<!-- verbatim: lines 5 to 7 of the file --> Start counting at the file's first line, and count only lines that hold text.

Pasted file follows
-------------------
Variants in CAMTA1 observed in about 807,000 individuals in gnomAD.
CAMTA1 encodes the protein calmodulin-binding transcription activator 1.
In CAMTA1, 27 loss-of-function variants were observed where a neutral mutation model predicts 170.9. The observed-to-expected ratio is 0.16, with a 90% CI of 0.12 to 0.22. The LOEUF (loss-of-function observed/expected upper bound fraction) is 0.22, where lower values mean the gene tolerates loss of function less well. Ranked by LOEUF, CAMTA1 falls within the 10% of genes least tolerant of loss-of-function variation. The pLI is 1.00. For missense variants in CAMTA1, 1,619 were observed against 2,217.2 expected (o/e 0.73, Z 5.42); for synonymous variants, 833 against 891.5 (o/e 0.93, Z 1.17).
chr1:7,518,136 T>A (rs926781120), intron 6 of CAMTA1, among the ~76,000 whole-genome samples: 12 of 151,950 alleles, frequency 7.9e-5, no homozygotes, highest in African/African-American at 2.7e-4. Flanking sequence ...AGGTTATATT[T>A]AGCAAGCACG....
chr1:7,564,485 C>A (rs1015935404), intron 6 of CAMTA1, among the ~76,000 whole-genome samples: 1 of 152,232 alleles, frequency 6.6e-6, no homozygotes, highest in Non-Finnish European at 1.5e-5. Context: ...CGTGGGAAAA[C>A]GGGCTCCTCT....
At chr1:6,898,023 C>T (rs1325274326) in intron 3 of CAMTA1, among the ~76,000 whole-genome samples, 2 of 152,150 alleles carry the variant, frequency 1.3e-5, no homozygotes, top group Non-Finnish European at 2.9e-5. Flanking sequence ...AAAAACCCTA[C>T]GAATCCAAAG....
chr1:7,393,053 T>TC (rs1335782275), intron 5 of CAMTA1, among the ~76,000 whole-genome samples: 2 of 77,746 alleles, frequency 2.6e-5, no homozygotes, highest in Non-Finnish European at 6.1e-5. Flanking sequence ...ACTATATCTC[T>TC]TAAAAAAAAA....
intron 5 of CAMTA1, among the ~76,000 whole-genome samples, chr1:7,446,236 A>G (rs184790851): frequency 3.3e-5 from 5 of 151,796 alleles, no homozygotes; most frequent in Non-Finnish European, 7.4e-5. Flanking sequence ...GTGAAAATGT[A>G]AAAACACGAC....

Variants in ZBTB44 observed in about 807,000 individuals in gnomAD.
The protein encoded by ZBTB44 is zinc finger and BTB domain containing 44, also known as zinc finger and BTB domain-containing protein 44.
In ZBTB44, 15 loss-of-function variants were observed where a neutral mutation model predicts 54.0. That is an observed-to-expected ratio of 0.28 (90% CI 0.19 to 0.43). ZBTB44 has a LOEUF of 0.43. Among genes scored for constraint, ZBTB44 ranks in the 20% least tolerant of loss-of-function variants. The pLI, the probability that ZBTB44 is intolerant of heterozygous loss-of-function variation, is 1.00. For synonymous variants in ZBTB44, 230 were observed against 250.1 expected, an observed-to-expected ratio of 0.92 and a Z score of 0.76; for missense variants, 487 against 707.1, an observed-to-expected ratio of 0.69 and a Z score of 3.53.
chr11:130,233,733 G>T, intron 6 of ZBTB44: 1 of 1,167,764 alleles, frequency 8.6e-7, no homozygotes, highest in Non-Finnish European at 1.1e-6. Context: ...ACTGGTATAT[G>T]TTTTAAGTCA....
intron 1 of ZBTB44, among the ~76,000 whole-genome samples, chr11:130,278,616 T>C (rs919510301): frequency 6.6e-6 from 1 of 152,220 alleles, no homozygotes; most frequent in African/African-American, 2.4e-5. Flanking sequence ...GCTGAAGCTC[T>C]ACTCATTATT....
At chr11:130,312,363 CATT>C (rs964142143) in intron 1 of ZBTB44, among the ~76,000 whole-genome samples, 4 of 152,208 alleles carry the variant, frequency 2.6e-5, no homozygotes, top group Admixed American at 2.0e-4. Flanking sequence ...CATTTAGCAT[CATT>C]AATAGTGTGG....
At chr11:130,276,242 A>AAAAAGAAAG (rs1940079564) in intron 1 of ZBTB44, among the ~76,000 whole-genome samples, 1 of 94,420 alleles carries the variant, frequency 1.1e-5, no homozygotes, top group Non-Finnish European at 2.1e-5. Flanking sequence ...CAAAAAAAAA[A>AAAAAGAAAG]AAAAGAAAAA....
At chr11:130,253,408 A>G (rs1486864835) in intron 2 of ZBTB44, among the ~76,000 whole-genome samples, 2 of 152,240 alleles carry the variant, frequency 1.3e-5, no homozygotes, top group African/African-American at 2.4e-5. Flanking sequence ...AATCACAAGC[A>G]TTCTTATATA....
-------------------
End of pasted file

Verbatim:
chr1:7,564,485 C>A (rs1015935404), intron 6 of CAMTA1, among the ~76,000 whole-genome samples: 1 of 152,232 alleles, frequency 6.6e-6, no homozygotes, highest in Non-Finnish European at 1.5e-5. Context: ...CGTGGGAAAA[C>A]GGGCTCCTCT....
At chr1:6,898,023 C>T (rs1325274326) in intron 3 of CAMTA1, among the ~76,000 whole-genome samples, 2 of 152,150 alleles carry the variant, frequency 1.3e-5, no homozygotes, top group Non-Finnish European at 2.9e-5. Flanking sequence ...AAAAACCCTA[C>T]GAATCCAAAG....
chr1:7,393,053 T>TC (rs1335782275), intron 5 of CAMTA1, among the ~76,000 whole-genome samples: 2 of 77,746 alleles, frequency 2.6e-5, no homozygotes, highest in Non-Finnish European at 6.1e-5. Flanking sequence ...ACTATATCTC[T>TC]TAAAAAAAAA....